Sweet Sara Collins is one of the founding members of the Governess Club. But she has a secret: She doesn't love teaching. She'd much prefer to be a vicar's wife and help the local community. But this quiet mouse doesn't want to upset her friends, and she resolves to help in whatever ways she can.
Nathan Grant is the embodiment of everything that frightens Sara. Which is why she can't understand why the handsome but reclusive and gruff man is so fascinating to her. When Sara decides it's time to take a chance and experience all that life has to offer, Nathan is the first person she thinks of.
Will Sara's walk on the wild side ruin her chances at a simple, happy life? Or has she just opened the door to a once-in-a-lifetime chance at passion?
Sara was and remains my favorite Governess Club member. I am acutely aware of what it is like to become so overwhelmed by anxious thoughts that the mere act of breathing is impossible. To hear that voice in your head constantly condemning you over and over again, desperately wondering why its you that is always punished, but no one else seems to be. Its really hard to overcome that, even with support from your friends.
So when she realizes that she no longer had to let some spectre dictate to her how to live, that she didn't like the person she saw in the mirror and wanted to change that, I gave a little squeal of joy. Its not always the big moments that make a person change, it can sometimes be smaller moments that make you realize you can be more.
There was a double edged sword here. Even as she grabbed the reins of her own life I felt this nagging feeling that she wouldn't have enough time to really grow into that feeling. And to a point I was proven right. The pacing got more awkward as she experienced more of life. Not because of how she was taking that control, it was mores due to the length of the story. There wasn't enough room to watch her grow into the changes.
This led to a sudden shift in her relationship with the pastor and a quickly abbreviated account of the time directly thereafter. In the end, when Sara finally voices her opinion on how she really felt about teaching I wanted there to be a bit more time spent. Of the three books in the Governess Club so far I think that Sara's has hit the nail on the head perfectly for this group--even though they knew each other they didn't know each other. Louisa remarks that Sara basically was a go along to get a long sort--she let her decisions be made for her and just went with whatever was decided. Later Sara realizes that she knew absolutely nothing about Louisa and much of what she thought she knew was assumptions on her part.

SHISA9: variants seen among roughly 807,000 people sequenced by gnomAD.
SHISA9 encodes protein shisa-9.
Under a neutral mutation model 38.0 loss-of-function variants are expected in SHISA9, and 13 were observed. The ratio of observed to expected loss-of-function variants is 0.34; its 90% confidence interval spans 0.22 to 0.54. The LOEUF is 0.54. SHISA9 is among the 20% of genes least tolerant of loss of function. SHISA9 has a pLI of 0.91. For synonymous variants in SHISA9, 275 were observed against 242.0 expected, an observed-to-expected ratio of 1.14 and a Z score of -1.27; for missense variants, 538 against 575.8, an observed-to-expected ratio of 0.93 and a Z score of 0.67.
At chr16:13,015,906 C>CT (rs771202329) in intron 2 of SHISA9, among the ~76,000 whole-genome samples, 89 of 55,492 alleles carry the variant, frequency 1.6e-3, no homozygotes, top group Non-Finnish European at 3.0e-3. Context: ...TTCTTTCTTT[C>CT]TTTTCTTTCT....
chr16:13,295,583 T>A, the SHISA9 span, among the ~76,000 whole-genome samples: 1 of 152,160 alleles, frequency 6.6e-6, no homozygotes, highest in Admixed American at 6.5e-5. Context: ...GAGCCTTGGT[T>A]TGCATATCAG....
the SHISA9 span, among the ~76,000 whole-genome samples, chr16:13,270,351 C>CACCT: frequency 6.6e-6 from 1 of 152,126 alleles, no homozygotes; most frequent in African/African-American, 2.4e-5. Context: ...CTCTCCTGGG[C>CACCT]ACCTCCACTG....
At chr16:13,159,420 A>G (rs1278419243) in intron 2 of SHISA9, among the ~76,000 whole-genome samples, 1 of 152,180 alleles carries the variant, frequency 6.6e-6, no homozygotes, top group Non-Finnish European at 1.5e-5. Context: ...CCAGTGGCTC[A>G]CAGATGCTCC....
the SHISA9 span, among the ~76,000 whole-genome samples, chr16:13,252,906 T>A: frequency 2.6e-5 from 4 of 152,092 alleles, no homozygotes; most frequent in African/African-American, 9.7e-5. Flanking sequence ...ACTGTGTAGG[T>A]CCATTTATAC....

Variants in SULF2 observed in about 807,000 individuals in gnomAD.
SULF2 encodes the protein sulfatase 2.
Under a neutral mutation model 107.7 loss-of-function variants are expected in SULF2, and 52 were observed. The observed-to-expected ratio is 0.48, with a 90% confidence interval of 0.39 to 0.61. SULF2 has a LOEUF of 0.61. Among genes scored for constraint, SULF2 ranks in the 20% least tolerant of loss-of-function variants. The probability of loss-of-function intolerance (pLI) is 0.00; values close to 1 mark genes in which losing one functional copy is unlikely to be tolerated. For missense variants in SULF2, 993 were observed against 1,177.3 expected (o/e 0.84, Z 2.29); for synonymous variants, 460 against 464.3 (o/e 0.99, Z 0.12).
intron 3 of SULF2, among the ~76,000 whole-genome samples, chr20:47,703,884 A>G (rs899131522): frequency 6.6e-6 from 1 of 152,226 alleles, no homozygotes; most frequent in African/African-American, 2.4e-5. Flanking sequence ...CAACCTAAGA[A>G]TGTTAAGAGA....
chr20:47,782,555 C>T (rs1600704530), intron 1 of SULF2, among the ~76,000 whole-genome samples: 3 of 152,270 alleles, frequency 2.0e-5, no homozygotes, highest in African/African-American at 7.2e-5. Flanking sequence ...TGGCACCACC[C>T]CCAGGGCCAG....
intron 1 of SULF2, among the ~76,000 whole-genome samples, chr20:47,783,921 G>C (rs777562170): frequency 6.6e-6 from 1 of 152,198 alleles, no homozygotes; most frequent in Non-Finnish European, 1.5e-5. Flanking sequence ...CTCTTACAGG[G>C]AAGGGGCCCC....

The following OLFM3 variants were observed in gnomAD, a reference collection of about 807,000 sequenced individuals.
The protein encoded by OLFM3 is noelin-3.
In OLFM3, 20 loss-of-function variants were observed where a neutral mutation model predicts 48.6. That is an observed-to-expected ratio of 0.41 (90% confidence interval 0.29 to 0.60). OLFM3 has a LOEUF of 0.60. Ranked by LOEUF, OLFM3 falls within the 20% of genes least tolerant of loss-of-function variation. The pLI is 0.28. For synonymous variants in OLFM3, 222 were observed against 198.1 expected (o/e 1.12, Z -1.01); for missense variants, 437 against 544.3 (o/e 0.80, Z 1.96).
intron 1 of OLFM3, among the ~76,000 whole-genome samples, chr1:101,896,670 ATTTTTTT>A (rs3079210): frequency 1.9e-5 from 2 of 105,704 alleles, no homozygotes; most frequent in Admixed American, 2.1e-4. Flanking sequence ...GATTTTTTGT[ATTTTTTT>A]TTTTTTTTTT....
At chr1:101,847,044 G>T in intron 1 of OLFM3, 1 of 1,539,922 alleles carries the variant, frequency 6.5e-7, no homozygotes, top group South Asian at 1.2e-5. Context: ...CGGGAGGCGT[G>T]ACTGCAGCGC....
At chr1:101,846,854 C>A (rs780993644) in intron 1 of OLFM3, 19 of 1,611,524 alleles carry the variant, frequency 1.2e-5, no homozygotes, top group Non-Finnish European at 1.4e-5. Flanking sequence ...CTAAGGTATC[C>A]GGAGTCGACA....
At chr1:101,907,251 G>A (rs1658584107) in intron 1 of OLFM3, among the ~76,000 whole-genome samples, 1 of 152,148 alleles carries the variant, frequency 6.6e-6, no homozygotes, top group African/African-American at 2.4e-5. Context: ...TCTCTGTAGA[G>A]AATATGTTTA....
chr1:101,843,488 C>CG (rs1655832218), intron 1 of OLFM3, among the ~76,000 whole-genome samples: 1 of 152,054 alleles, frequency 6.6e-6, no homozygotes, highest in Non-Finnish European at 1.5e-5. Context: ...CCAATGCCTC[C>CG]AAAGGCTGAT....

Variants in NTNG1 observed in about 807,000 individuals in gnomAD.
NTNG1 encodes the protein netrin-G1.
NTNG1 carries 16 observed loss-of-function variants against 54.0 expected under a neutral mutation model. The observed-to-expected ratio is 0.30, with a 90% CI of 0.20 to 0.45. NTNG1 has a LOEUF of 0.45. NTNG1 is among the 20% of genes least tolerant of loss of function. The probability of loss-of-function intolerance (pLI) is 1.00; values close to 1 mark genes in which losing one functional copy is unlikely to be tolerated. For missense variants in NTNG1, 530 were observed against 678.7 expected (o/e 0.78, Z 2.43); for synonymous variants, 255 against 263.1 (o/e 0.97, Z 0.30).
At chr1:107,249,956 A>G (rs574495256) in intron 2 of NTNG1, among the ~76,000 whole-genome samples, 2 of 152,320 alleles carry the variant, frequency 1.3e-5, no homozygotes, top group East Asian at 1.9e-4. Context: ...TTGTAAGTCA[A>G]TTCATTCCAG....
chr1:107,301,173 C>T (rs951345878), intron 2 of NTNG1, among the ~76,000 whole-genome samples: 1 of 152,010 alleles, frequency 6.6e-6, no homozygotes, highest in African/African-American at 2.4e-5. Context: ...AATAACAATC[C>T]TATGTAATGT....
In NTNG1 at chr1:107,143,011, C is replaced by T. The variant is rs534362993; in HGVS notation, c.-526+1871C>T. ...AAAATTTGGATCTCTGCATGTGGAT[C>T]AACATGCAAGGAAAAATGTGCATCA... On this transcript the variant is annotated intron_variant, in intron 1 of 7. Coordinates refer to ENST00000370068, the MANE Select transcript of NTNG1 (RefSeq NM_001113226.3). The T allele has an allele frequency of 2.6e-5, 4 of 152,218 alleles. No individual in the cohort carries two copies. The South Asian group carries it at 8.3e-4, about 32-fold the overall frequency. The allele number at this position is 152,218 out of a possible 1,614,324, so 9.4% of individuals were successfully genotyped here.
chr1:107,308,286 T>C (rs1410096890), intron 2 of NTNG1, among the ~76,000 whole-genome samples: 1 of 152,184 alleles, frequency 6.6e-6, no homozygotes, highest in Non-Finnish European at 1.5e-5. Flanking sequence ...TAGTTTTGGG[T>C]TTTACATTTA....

I did appreciate that Nathan, for all his selfish words, genuinely wanted her to get the most out of her new attitude about life. He didn't want her thinking that only large up heavels were "adventures", the smallest thing (rolling down a hill or walking barefoot) could also be a heady experience. And while I judge him (and her) a little for his inability to see past his own stubbornness I found their resolution to be satisfactory. And humorous. And just so cute.
Of course now this means its time for Louisa's story and I just can't get excited. She was kind of mean in this story and almost cruel towards Sara. There's a line between bluntness and cruelty that Louisa just barely stayed on the right side of at times. So let's hope her story softens that tongue at least a little bit.